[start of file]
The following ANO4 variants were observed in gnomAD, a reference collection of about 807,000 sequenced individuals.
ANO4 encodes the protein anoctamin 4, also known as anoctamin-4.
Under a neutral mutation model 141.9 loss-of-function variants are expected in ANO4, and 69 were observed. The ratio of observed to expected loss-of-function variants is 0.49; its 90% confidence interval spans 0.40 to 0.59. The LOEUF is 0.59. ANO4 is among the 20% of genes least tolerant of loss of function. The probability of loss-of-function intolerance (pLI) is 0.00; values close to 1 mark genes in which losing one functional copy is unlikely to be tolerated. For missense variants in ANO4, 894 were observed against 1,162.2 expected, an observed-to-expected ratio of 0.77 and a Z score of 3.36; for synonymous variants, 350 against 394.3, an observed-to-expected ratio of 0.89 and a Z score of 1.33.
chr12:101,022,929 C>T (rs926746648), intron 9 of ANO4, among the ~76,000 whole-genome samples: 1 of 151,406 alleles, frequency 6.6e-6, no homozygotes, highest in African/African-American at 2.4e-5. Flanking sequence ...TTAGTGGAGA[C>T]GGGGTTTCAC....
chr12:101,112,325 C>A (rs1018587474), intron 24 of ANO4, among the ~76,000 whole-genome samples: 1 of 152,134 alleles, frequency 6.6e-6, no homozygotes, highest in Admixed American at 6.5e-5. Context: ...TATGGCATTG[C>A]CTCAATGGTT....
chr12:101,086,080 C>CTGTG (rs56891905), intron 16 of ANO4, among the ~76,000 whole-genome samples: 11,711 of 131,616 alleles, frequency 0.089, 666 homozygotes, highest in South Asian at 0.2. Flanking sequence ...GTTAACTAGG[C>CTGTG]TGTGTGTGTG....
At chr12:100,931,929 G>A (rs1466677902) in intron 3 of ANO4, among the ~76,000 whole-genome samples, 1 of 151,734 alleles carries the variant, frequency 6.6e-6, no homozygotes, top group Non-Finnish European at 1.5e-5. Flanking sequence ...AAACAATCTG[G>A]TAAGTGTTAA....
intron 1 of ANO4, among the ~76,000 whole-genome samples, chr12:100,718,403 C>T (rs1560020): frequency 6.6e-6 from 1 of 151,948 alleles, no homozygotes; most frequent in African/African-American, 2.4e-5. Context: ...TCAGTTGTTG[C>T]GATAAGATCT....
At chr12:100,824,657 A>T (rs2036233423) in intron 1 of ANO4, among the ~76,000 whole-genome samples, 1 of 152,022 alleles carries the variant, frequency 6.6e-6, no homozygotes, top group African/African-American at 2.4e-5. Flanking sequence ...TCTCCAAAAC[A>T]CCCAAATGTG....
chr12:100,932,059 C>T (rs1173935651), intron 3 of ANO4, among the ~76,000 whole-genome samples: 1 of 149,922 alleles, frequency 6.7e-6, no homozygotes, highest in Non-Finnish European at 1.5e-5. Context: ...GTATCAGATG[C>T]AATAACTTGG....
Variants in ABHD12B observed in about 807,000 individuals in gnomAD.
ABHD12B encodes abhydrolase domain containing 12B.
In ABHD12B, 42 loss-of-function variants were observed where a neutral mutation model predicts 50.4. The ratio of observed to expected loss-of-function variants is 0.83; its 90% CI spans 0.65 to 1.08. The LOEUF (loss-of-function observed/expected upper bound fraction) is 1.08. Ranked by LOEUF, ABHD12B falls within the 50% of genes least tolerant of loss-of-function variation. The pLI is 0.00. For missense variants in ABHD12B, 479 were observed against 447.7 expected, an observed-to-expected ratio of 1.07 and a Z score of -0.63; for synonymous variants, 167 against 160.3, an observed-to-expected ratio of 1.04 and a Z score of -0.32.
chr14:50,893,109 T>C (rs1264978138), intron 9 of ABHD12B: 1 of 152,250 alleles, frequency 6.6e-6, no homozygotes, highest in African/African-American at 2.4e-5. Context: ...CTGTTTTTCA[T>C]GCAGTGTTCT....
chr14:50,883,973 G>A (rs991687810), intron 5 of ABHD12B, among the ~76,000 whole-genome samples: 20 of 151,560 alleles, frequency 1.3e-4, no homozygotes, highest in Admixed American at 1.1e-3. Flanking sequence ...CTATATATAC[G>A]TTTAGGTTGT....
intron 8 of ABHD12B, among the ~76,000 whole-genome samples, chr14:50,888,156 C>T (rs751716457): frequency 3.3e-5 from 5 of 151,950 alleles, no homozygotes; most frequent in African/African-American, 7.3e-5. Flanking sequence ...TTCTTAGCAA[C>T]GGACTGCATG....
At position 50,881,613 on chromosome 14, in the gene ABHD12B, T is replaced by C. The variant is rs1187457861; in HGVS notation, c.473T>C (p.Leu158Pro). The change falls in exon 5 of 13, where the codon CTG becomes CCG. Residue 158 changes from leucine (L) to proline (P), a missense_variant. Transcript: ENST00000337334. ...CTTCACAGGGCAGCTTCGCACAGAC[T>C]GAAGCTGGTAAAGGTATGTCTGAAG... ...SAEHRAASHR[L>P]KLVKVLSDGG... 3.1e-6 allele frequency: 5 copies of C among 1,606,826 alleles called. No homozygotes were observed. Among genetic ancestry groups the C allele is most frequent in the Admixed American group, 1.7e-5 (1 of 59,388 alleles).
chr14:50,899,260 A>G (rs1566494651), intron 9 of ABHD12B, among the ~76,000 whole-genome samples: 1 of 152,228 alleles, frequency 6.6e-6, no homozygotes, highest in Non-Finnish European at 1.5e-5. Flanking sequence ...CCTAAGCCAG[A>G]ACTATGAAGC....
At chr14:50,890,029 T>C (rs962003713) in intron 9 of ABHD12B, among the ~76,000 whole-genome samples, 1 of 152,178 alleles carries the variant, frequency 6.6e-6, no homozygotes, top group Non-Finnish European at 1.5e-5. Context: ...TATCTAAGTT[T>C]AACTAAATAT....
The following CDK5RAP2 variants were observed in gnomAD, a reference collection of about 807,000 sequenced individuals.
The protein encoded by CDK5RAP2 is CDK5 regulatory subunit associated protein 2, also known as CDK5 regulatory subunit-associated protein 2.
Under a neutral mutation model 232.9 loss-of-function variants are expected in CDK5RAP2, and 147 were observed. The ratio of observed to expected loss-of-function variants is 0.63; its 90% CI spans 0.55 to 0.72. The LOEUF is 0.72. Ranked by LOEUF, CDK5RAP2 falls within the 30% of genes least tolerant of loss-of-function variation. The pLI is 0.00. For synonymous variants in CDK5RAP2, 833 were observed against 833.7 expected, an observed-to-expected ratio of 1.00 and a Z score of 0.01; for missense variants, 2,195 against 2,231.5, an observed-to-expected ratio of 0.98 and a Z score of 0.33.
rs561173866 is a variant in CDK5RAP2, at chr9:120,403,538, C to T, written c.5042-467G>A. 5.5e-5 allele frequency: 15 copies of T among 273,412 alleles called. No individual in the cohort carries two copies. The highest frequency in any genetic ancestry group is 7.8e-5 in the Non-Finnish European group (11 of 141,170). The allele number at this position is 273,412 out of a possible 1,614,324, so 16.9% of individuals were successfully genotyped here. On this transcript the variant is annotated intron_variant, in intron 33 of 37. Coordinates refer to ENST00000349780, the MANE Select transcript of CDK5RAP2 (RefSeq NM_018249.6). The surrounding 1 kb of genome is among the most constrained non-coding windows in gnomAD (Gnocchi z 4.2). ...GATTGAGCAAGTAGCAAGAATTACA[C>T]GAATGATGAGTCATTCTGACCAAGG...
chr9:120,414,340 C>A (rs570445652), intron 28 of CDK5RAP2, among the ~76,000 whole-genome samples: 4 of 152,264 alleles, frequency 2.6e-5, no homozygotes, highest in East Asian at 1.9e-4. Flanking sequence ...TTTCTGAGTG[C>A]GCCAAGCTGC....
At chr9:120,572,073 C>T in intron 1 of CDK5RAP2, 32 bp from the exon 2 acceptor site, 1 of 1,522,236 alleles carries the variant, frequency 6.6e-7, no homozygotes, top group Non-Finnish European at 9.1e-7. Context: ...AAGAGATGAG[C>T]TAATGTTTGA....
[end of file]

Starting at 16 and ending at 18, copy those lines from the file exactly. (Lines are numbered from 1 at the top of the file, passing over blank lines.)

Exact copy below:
intron 8 of ABHD12B, among the ~76,000 whole-genome samples, chr14:50,888,156 C>T (rs751716457): frequency 3.3e-5 from 5 of 151,950 alleles, no homozygotes; most frequent in African/African-American, 7.3e-5. Flanking sequence ...TTCTTAGCAA[C>T]GGACTGCATG....
At position 50,881,613 on chromosome 14, in the gene ABHD12B, T is replaced by C. The variant is rs1187457861; in HGVS notation, c.473T>C (p.Leu158Pro). The change falls in exon 5 of 13, where the codon CTG becomes CCG. Residue 158 changes from leucine (L) to proline (P), a missense_variant. Transcript: ENST00000337334. ...CTTCACAGGGCAGCTTCGCACAGAC[T>C]GAAGCTGGTAAAGGTATGTCTGAAG... ...SAEHRAASHR[L>P]KLVKVLSDGG... 3.1e-6 allele frequency: 5 copies of C among 1,606,826 alleles called. No homozygotes were observed. Among genetic ancestry groups the C allele is most frequent in the Admixed American group, 1.7e-5 (1 of 59,388 alleles).
chr14:50,899,260 A>G (rs1566494651), intron 9 of ABHD12B, among the ~76,000 whole-genome samples: 1 of 152,228 alleles, frequency 6.6e-6, no homozygotes, highest in Non-Finnish European at 1.5e-5. Flanking sequence ...CCTAAGCCAG[A>G]ACTATGAAGC....